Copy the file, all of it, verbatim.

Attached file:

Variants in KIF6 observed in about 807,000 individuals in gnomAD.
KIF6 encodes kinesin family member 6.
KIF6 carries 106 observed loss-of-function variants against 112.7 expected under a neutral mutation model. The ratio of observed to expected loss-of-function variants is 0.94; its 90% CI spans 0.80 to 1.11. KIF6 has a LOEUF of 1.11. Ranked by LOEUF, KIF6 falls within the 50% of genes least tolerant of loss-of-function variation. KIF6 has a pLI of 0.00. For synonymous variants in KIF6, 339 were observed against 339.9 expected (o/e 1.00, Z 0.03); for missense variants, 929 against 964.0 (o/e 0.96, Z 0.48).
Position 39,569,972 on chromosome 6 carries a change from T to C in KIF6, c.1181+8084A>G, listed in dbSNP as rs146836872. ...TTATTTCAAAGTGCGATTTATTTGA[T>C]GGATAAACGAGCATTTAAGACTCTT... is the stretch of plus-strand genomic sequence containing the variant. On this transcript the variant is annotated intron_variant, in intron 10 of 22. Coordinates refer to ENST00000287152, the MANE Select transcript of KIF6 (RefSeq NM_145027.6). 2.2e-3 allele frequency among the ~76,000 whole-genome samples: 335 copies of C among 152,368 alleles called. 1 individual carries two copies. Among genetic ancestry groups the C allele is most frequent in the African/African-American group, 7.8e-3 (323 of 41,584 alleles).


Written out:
Variants in KIF6 observed in about 807,000 individuals in gnomAD.
KIF6 encodes kinesin family member 6.
KIF6 carries 106 observed loss-of-function variants against 112.7 expected under a neutral mutation model. The ratio of observed to expected loss-of-function variants is 0.94; its 90% CI spans 0.80 to 1.11. KIF6 has a LOEUF of 1.11. Ranked by LOEUF, KIF6 falls within the 50% of genes least tolerant of loss-of-function variation. KIF6 has a pLI of 0.00. For synonymous variants in KIF6, 339 were observed against 339.9 expected (o/e 1.00, Z 0.03); for missense variants, 929 against 964.0 (o/e 0.96, Z 0.48).
Position 39,569,972 on chromosome 6 carries a change from T to C in KIF6, c.1181+8084A>G, listed in dbSNP as rs146836872. ...TTATTTCAAAGTGCGATTTATTTGA[T>C]GGATAAACGAGCATTTAAGACTCTT... is the stretch of plus-strand genomic sequence containing the variant. On this transcript the variant is annotated intron_variant, in intron 10 of 22. Coordinates refer to ENST00000287152, the MANE Select transcript of KIF6 (RefSeq NM_145027.6). 2.2e-3 allele frequency among the ~76,000 whole-genome samples: 335 copies of C among 152,368 alleles called. 1 individual carries two copies. Among genetic ancestry groups the C allele is most frequent in the African/African-American group, 7.8e-3 (323 of 41,584 alleles).